Pellet makers source wood from thousands of landowners who are often eager to generate income to offset property taxes. Enviva opened its first mill in Ahoskie, NC, in 2011, promising to make pellets mostly from scraps of wood such as tree tops, twigs and sawdust with no other market.
When land is cut down, the thick, straight logs usually go to a sawmill that produces things like two by four. Pellet makers take small chunks that may have no other market and vie with paper, cardboard, and diaper fluff makers for the rest. According to Consuelo Brandeis, a research ranger for the United States Forest Service, about 3 percent of the timber harvested from the south goes into pellets .
Several Enviva mills were soon processing material from logging and sawmills across the region. Environmental groups claim to have documented truckloads of tree trunks and whole trees, not just leftovers that end up in pellet mills. Publicly available pictures show logs stacked in mills, and a reporter outside the entrance to a pellet mill saw trucks pulling in with logs.
The pellet manufacturers’ pledges to rely on scrap wood “put them in a corner,” said Robert Abt, forest economist at North Carolina State University in Raleigh, because the wood industry was already using its supplies relatively efficiently and leaving little waste.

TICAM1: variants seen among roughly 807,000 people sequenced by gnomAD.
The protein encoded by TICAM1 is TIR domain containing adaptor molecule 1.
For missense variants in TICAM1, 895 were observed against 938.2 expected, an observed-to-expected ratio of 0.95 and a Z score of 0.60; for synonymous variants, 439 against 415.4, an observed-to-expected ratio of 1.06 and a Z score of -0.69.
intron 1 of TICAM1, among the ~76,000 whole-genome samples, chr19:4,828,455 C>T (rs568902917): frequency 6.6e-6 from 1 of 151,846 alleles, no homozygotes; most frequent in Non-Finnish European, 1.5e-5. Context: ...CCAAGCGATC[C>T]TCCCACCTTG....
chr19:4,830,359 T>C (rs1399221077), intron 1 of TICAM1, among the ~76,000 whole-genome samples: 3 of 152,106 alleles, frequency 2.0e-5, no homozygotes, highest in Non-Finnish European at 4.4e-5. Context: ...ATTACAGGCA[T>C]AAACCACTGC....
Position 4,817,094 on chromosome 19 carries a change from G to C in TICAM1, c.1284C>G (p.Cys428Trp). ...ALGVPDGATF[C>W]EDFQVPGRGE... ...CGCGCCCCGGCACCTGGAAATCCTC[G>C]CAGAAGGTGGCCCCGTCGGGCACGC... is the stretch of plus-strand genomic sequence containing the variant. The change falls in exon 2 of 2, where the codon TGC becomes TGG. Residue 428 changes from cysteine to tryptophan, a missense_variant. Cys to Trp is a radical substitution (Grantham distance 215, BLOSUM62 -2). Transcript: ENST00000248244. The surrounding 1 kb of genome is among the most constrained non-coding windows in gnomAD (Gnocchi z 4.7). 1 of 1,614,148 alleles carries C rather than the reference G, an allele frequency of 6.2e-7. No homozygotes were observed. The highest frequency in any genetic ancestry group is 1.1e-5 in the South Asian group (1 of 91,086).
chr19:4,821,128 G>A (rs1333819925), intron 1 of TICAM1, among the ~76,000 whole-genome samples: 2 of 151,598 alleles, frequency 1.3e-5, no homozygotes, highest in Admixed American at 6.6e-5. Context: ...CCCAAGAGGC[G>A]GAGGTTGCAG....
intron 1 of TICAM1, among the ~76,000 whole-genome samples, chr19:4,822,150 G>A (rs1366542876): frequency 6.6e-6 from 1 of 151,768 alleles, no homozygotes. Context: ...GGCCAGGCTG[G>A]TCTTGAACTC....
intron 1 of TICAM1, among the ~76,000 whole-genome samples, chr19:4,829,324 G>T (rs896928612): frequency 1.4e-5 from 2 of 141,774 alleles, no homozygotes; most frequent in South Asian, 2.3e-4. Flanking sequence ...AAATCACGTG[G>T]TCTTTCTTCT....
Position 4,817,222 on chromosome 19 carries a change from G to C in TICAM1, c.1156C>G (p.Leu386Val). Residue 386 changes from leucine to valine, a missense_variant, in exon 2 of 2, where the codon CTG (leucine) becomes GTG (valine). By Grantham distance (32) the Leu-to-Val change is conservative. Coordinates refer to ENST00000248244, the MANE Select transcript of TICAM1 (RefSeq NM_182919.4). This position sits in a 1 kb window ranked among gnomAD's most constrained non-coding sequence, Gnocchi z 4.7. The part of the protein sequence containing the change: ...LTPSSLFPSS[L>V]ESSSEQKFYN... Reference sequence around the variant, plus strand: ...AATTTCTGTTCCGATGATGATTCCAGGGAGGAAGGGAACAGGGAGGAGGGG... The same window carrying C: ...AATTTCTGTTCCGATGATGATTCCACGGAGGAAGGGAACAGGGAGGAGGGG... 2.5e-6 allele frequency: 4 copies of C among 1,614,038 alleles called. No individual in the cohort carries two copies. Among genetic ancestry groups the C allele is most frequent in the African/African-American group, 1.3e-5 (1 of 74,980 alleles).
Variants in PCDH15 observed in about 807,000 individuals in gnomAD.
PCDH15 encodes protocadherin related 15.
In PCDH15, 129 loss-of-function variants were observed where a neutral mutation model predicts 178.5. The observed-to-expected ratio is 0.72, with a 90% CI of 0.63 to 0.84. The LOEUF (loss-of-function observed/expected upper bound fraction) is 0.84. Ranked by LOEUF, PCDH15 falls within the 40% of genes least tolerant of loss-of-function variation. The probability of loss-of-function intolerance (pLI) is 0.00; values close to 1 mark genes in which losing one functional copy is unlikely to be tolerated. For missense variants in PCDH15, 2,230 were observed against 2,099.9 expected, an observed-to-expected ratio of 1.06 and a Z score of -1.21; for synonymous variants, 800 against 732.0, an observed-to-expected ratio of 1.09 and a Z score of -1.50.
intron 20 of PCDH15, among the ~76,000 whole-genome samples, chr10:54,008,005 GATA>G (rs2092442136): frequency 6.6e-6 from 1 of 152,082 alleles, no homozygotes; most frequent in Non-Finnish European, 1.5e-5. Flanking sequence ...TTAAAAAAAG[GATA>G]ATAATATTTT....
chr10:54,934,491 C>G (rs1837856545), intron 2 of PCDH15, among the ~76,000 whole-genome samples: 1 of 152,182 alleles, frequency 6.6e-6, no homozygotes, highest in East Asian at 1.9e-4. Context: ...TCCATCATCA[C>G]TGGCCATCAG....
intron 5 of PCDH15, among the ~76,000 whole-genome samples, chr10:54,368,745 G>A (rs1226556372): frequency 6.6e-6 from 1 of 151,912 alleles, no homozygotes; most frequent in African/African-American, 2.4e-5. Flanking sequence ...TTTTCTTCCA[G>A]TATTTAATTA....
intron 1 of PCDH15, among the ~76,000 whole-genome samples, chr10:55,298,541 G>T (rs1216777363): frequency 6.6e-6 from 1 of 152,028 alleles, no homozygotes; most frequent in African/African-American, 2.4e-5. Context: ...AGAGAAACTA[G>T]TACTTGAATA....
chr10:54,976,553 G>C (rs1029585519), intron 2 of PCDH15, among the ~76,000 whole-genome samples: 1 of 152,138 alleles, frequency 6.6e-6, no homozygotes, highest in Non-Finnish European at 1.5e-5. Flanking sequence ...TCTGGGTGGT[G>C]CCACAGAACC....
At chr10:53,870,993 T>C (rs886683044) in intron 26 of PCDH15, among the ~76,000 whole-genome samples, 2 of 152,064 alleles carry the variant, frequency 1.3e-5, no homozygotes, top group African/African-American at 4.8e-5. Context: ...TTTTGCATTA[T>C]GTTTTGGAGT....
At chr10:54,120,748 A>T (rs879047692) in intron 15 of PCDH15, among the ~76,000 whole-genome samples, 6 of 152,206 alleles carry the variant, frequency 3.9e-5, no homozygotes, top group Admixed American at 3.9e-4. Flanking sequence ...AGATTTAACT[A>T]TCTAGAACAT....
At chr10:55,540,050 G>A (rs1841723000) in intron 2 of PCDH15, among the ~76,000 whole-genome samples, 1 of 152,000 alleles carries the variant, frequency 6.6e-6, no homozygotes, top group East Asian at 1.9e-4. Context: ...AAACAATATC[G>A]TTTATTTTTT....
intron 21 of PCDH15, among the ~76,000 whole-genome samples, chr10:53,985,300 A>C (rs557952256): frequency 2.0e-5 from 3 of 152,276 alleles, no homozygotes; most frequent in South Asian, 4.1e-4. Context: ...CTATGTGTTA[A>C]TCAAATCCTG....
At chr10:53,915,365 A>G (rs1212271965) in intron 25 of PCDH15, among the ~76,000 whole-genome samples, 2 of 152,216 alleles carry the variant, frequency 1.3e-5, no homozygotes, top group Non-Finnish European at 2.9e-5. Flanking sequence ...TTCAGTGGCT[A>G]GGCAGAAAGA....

While longer pieces of wood that are too crooked or knotted for sawmills are part of Enviva’s offerings, Jennifer Jenkins, Enviva’s chief sustainability officer, has a PhD. Speaking of ecosystem ecology, the company said sourcing is sustainable because it only buys from landowners who are committed to tree regrowth and because the forests in the southeast are growing overall. Pellets from such regions should be classified as climate neutral under the accounting rules of the Intergovernmental Panel on Climate Change, a United Nations agency that provides scientific information on climate change, said Dr. Jenkins.
Dr. Jenkins said the company has installed air pollution controls that exceed requirements. A community relations manager said he had not received any noise complaints related to the Northampton County mill.
The US wood pellet industry, which exported more than seven million tons of pellets last year, has generated strong opinions in North Carolina.